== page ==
When you first gaze into the beautiful scenery on this can, you can’t help but feel relaxed. The sun is setting over distant mountains, and the sky is a muddled blend of yellow, orange, and red. It’s one of the more attractive cans I’ve ever seen.
Pulling up into the Magnify parking lot is really quite the opposite experience. Nestled behind a maze-like business complex in busy Fairfield, New Jersey, Magnify Brewing Company looks unassuming. It can be hard to find for the first time – unless it’s a can release day. Then, you can simply follow the winding line of beer enthusiasts around the various corners, waiting patiently for their chance to snag a four pack of tallboy cans.
On a typical day, though, you can walk right in and immediately notice the attention to detail placed into the design aesthetic of the tasting room. It takes a second to believe that you actually just walked through the warehouse-style small glass door into this beer paradise.
It’s nicely put together, but not ostentatious. Everything has a purpose. Mason jars filled to the brim with hazy delights, solid, dark wood counters and tables, and minimalist hanging lights. Behind the taps, exposed brick holds up wooden shelves, proudly displaying their logo and growlers. A huge chalkboard filled with colorful beer names, ABVs, and descriptions sits perfectly in the line of sight for anyone entering.
On top of the chalkboard list is a familiar name – Vine Shine. This is their flagship beer and is a wonderful introduction to their exquisite beer selection. Get it first, and you’ll be so impressed that you can’t help but order down the list to try everything. Immediately the attention to detail put into their aesthetics is reflected in the glass as well. Whenever I have a can of Magnify, I have my wife, a newly converted craft beer drinker, take a sip. She immediately smiles and says “that’s a Magnify."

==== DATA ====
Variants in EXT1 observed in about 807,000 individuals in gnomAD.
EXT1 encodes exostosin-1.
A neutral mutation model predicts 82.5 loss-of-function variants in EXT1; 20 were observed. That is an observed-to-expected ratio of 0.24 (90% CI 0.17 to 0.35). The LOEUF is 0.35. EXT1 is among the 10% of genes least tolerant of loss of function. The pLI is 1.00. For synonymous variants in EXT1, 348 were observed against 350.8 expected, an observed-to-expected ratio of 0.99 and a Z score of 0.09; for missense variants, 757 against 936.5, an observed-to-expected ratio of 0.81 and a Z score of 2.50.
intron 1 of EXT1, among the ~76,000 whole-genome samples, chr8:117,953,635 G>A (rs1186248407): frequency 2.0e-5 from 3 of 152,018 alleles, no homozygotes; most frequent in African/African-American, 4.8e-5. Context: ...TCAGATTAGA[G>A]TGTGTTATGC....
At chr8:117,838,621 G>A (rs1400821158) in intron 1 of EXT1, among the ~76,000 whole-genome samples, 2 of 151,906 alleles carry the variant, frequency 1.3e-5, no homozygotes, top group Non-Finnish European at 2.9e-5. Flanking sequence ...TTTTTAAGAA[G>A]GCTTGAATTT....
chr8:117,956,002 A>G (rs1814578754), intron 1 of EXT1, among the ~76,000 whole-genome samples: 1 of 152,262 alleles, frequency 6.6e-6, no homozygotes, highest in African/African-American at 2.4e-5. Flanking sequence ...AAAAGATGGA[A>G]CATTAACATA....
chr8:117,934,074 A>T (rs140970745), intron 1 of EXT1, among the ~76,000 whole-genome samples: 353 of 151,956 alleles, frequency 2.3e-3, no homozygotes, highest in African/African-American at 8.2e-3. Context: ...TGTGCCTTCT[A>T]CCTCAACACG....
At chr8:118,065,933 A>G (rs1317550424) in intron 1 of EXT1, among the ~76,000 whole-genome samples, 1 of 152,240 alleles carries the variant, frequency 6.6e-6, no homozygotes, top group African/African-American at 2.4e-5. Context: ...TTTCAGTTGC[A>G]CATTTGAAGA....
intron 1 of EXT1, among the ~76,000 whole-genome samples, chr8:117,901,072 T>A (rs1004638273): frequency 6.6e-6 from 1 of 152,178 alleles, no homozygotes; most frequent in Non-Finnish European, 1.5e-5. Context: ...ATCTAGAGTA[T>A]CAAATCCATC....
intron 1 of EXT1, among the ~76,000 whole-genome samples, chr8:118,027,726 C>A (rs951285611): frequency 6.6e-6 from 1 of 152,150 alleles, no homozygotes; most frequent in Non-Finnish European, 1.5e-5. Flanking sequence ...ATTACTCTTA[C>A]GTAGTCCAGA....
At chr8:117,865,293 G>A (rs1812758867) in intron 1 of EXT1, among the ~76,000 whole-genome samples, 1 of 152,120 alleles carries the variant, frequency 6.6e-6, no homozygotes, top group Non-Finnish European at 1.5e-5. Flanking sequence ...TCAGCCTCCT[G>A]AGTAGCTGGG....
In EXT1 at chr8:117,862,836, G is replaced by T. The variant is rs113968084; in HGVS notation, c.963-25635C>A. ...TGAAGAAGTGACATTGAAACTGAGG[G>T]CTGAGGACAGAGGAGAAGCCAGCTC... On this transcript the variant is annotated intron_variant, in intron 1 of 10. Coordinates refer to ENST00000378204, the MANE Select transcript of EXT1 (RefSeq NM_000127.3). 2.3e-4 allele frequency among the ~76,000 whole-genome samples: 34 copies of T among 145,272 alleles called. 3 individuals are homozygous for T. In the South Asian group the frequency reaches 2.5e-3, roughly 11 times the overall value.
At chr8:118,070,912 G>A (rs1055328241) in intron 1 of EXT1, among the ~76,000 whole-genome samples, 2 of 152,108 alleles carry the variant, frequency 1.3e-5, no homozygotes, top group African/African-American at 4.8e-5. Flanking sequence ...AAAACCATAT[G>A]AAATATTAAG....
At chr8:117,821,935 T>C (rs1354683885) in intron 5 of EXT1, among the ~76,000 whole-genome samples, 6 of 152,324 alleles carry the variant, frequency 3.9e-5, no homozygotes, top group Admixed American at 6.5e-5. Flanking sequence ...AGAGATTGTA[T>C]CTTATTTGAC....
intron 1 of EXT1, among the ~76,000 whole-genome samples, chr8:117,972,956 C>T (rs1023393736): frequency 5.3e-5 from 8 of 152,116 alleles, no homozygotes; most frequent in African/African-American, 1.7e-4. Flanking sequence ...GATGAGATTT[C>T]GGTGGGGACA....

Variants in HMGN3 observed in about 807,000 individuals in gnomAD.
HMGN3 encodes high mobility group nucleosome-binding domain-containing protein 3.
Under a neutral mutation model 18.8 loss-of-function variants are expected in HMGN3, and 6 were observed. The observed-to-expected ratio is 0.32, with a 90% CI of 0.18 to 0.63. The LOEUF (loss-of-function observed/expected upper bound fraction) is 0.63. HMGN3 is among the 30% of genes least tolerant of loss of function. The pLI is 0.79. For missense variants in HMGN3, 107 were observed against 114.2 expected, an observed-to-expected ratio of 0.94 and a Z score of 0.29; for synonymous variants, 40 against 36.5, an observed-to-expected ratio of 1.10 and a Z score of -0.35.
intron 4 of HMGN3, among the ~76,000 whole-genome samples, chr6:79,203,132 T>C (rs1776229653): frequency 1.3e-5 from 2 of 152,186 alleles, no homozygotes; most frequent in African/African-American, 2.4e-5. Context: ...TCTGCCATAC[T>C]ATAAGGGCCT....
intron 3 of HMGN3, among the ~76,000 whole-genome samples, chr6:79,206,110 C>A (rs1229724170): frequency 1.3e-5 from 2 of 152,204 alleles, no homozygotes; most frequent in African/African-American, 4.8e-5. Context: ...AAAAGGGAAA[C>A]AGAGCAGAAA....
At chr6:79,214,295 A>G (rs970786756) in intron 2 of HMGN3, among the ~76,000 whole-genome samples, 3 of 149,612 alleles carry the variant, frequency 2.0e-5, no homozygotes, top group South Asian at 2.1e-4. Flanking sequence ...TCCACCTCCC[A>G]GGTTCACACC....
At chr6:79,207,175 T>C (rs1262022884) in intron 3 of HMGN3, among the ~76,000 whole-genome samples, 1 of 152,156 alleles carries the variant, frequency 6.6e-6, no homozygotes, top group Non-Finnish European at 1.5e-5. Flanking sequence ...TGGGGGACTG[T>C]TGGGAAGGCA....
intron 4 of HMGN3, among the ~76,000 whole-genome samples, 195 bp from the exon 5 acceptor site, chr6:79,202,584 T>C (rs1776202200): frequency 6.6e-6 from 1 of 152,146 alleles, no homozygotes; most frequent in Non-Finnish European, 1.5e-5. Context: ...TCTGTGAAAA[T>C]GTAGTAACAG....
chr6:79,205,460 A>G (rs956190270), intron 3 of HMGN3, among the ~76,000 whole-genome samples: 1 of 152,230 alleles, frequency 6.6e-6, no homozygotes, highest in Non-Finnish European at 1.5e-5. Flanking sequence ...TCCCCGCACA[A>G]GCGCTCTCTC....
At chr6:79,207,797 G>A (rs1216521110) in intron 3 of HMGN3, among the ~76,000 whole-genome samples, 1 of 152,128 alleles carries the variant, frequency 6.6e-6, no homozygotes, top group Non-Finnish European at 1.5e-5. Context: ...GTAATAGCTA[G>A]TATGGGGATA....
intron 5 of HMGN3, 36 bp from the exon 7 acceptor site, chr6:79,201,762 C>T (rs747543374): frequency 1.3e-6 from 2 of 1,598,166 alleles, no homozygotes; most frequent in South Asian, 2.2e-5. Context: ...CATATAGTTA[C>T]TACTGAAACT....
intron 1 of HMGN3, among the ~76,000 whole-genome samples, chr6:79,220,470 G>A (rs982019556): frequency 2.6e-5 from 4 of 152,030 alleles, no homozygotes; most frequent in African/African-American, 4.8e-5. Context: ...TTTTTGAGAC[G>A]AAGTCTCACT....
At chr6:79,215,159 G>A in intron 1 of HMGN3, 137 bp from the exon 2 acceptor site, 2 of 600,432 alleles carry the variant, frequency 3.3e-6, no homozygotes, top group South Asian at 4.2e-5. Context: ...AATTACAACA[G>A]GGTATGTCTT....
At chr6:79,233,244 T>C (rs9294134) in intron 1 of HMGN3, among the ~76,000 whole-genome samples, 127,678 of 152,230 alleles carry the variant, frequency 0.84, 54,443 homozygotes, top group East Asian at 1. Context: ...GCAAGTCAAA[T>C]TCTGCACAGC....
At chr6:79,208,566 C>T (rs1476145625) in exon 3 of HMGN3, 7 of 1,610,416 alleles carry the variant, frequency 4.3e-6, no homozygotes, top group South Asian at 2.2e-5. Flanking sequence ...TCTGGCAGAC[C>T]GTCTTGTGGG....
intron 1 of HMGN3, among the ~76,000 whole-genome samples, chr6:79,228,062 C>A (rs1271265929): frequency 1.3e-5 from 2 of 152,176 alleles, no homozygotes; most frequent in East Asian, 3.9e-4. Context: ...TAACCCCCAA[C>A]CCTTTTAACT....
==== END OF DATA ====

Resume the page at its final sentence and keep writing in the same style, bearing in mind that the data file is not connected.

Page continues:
Enter now Peak of Ripeness.
Much like the brewery itself, everything in Peak of Ripeness has a purpose. I”
A juicy take on an IPA, the name alone creates an expectation of a mouthwatering bouquet of freshly picked fruits. When the can is first cracked open and the beer begins to flow, the first thing I notice is the color. The beer is as beautifully colored as the sky on the can art – as though I’m pouring a piece of that fictional sunset into my glass. The head isn’t too high, but the thick presence of foam coats the outside of the glass and lays perfectly atop the deep yellowed-orange color.
At this point, I actually stop to take a picture. I send it to my friend (who essentially lives at Magnify) with the caption of “I hope this is as good as it looks." I pick up the beer and immediately am taken aback by the explosion of tangerine, mango, and earthy tones on the nose. I’ve had many great IPAs... but this one feels different. The mouthfeel is thick but not unpleasantly so, it actually goes down so smoothly that I needed to stop myself from taking too big of swigs to ensure I could enjoy each perfectly balanced sip.
Another look at the can reveals that Peak of Ripeness is dry hopped with Nelson Sauvin hops – a New Zealand hop variety known for a no holds barred flavor profile. The Nelson Sauvin hops are on full display in Peak of Ripeness, inviting the taste buds into a whirlwind of tropical notes, followed by a subtle, approachable bitterness and light melon sweetness, rounding out into an almost spicy, peppery finish. The Nelson Sauvin hop contains similarities to white wine – and in fact the people of New Zealand’s shorthand for the Sauvignon Blanc grape is, in fact, Sauvin.
Make no mistake, though – this is a beer through and through. As a standalone hop, Nelson Sauvin is hardly bitter, allowing its the fruity characteristics to take center stage. There’s no missing the powerful aromas and succulent medley of flavors going on.
Much like the brewery itself, everything in Peak of Ripeness has a purpose. I smile as my friend’s text response encapsulates exactly what I’m thinking: “It’s somehow better than it looks."